It is very difficult to predict the behavior of fluids on Earth; In space, without the effect of gravity, it’s more than that.
For an astronaut, getting the last drop of orange juice out of his can be a frustrating experience. In parallel and to varying degrees of sophistication, engineers who design satellites so that they can use every last drop of thrust in weightless conditions or who design rockets with tanks capable of sending fuel to thrusters under extreme load conditions and efficiently, face difficult engineering challenges.
Fluid mechanics experiment fluid (Floyd Dynamics in Space) investigates the phenomenon mentioned flow (Translatable in Italian twisting, i.e. the agitation of the liquid upon vibrating a closed container) when it occurs under the conditions found on the International Space Station, or in microgravity. This is the subject of the first part of the experiment.
To do this, the FLUIDICS device simulates the motions of a satellite in space, using a centrifuge that moves a transparent ball filled with a colored liquid. In this case, the goal is to understand how best to improve satellite maneuvers in order to extend their operational life in relation to the availability of propellant.
The second part of the experiment concerns the analysis, at the most basic level, of the energy transfer processes that occur on the surface of the moving fluid. These phenomena are called wave disturbance (wave disturbance in Italian) and is still little known in the scientific community. Gravity and surface tension on Earth affect how force is dissipated in waves or surface ripples. Using data from FLUIDICS, scientists can observe how surface forces behave in conditions of weightlessness, thus removing the influencing factor (gravity), to simplify understanding of the phenomenon. This will not only be useful for engineers designing space systems, but will also serve to develop better climate models and more accurately predict the state of the seas, for example in order to take advantage of the generation of electricity from sea surface waves.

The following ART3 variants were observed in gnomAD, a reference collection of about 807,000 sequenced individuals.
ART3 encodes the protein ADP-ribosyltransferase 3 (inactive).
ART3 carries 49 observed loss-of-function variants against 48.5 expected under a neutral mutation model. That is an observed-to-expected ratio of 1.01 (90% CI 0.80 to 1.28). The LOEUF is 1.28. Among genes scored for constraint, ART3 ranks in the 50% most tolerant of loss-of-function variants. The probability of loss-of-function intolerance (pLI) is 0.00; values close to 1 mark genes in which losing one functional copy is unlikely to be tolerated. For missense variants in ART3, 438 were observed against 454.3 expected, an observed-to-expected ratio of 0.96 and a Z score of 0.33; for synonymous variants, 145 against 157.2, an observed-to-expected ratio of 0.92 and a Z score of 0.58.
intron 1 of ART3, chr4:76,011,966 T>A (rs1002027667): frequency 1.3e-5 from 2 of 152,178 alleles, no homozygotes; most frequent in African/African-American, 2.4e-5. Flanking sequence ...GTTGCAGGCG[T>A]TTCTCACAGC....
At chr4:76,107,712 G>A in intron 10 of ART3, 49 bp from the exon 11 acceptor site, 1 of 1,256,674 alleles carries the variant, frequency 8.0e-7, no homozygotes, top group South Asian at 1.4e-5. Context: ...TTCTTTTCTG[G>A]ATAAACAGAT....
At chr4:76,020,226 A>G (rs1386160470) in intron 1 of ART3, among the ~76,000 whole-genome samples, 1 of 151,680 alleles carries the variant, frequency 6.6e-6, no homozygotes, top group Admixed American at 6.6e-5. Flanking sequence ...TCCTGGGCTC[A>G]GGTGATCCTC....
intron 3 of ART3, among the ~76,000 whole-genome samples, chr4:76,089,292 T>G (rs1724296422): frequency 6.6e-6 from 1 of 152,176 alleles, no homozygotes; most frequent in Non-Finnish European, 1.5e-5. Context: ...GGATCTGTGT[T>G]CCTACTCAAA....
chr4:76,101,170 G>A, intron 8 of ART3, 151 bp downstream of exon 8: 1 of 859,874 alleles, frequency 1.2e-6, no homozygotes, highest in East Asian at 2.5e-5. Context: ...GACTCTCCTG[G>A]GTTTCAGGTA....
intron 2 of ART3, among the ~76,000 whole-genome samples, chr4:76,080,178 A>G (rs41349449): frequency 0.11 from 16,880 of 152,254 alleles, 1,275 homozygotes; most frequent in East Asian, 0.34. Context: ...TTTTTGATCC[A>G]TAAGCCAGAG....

More specifically, by wave turbulence we mean all those irregular movements of a liquid’s surface, like sea waves. Although many theoretical approaches have been applied on this topic for more than 40 years, the phenomenon of wave turbulence is unfortunately not an area of research of particular interest to scientists. Fluidics will allow researchers fromOrdinary High School Paris and National Center for Scientific Research To fully understand this topic.
The goal of this experiment is to validate predictions of fluid behavior under microgravity conditions. The first part of the experiment looks at technological issues related to fluid damage during satellite maneuvers. The second part will allow the observation of capillary wave turbulence at the surface of the fluid layer, in a low-gravity environment.
FLUIDICS is run by researchers from the French space agency CNES andAcademy of Sciences French, developed by CNES and sponsored by the European Space Agency, CNES and Airbus DS. Its operational period on the station extends from November 2016, when it was installed by French astronaut Thomas Bisquet in the Columbus module, during the Proxima mission, to March 2023.